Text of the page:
(3) He passed over before them.—While providing some small chance of escape for his wives and children, arranged according to their rank, Jacob manfully went first and placed himself entirely in Esau’s power. He endeavoured, nevertheless, by his sevenfold obeisance in acknowledgment of Esau’s superiority, to propitiate him; for the cause of the quarrel had been Jacob’s usurpation of Esau’s right of precedence as the first born. This bowing in the East is made by bending the body forward with the arms crossed, and the right hand held over the heart.
The behaviour of Esau is very generous. He wished to spare his brother so large a present, and therefore leads the conversation to it, knowing, of course, what was the meaning of the five herds, as their drivers had delivered to him Jacob’s message. To have refused it, however, would have been a mark of hostility, especially as Jacob represented it as the gift of an inferior for the purpose of obtaining the favour of one from whom he had feared danger. But Esau expostulates with his brother. He too was rich, and Jacob should keep what was his own. But Jacob still urges its acceptance as the proof of goodwill, magnifies the value of Esau’s favour, and declares that by God’s goodness he has still abundance, even after giving his brother so princely a present. It is called “blessing” because it was considered lucky to receive a gift, and of all good-luck God was the giver. (Comp. 1 Samuel 25:27; 1 Samuel 30:26.)
Unto Seir.—This implies a purpose of visiting Esau in his new acquisition, not carried out probably because Esau did not as yet settle there, but returned to Hebron to his father.
(17) Succoth.—That is, booths. There are two claimants for identification with Jacob’s Succoth, of which the one is in the tribe of Gad, on the east of the Jordan, in the corner formed by that river and the Jabbok; the other is the place still called Sakût, on the west of the Jordan, but as it lies ten miles to the north. of the junction of the Jordan and Jabbok, it is not likely that Jacob would go so far out of his way.
Jacob . . . built him an house, and made booths for his cattle.—This is something quite unusual, as the cattle in Palestine remain in the open air all the year round, and the fact that the place retained the name of the booths shows that it was noticed as remarkable. But the fact, coupled with the right translation of Genesis 33:18, is a strong but undesigned testimony to the truth of the narrative. Jacob had been pursued by Laban, and suffered much from anxiety and the labour attendant upon the hurried removal of so large a household. Delivered from danger in the rear, he has to face a greater danger in front, and passes many days and nights in terror. At last Esau is close at hand, and having done all that man could do, he stays behind to recover himself, and prepare for the dreaded meeting next day. But instead of a few calm restful hours he has to wrestle fiercely all night, and when at sunrise he moves. forward he finds that he has sprained his hip. He gets through the interview with Esan with much feeling, agitated alternately by fear, and hope, and joy, enduring all the while his bodily pain as best he can, and then, delivered from all danger, he breaks down. The word “journeyed” simply means that he broke up his camp from the high ground where he had met his brother, and went into the corner close by, where the two rivers would both protect him and provide his cattle with water and herbage. And there he not only put up some protection, probably wattled enclosures made with branches of trees, for his cattle, but built a house for himself—something, that is, more solid than a tent: and there he lay until he was healed of his lameness. The strained sinew would require some months of perfect rest before Jacob could move about; but it was healed, for “Jacob came whole and sound to the city of Shechem.” (See next verse.)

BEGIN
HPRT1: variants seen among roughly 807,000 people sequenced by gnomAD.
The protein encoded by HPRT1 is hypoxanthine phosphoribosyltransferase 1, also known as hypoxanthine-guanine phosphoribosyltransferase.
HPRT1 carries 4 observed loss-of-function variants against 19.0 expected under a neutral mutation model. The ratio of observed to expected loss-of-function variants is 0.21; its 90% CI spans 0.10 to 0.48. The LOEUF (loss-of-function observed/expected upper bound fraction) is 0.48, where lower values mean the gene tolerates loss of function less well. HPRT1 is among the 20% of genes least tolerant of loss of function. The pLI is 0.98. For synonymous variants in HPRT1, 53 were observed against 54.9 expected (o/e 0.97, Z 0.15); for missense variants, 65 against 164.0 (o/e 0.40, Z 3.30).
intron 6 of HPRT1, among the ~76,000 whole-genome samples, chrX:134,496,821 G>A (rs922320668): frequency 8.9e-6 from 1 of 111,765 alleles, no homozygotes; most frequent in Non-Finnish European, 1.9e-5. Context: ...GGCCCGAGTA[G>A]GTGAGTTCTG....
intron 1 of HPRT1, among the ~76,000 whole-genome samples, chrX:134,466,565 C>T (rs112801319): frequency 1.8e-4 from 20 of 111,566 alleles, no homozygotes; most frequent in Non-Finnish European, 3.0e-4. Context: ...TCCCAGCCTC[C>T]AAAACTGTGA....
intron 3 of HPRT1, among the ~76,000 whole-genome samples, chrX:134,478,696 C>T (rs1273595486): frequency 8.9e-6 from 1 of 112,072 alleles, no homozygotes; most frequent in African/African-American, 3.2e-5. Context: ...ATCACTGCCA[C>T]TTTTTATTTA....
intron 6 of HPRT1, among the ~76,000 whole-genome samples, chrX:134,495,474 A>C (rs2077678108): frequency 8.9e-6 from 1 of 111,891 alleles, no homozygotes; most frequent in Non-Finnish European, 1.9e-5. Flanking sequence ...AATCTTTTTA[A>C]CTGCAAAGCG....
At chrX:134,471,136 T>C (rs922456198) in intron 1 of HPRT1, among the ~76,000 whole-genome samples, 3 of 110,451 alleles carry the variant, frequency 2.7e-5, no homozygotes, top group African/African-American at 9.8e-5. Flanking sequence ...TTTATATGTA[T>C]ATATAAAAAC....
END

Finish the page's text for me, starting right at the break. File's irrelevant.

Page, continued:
In the land of Canaan.—Jacob therefore had now crossed the river Jordan, and so far completed his homeward journey. Probably as soon as he had recovered from his lameness he visited his father, but as his possessions were large, and Esau was the chief at Hebron, there was no room at present for him to dwell there, nor in fact was this possible until Isaac’s death. But as we find Deborah with them soon afterwards, it is plain that he had gone to visit Isaac, and, finding his mother dead, had brought away with him her beloved nurse.
An hundred pieces of money.—Heb., a hundred hesitas. It is plain that the kesita was an ingot of metal of some considerable value, from what is said in the Book of Job (Genesis 42:11), that each of his friends gave the patriarch “one kesita and a nose-ring of gold.” The etymology of the word is uncertain, and apparently all knowledge of its meaning had at an early period passed away, inasmuch as Onkelos and some of the versions translate it lambs, for which rendering there is no support.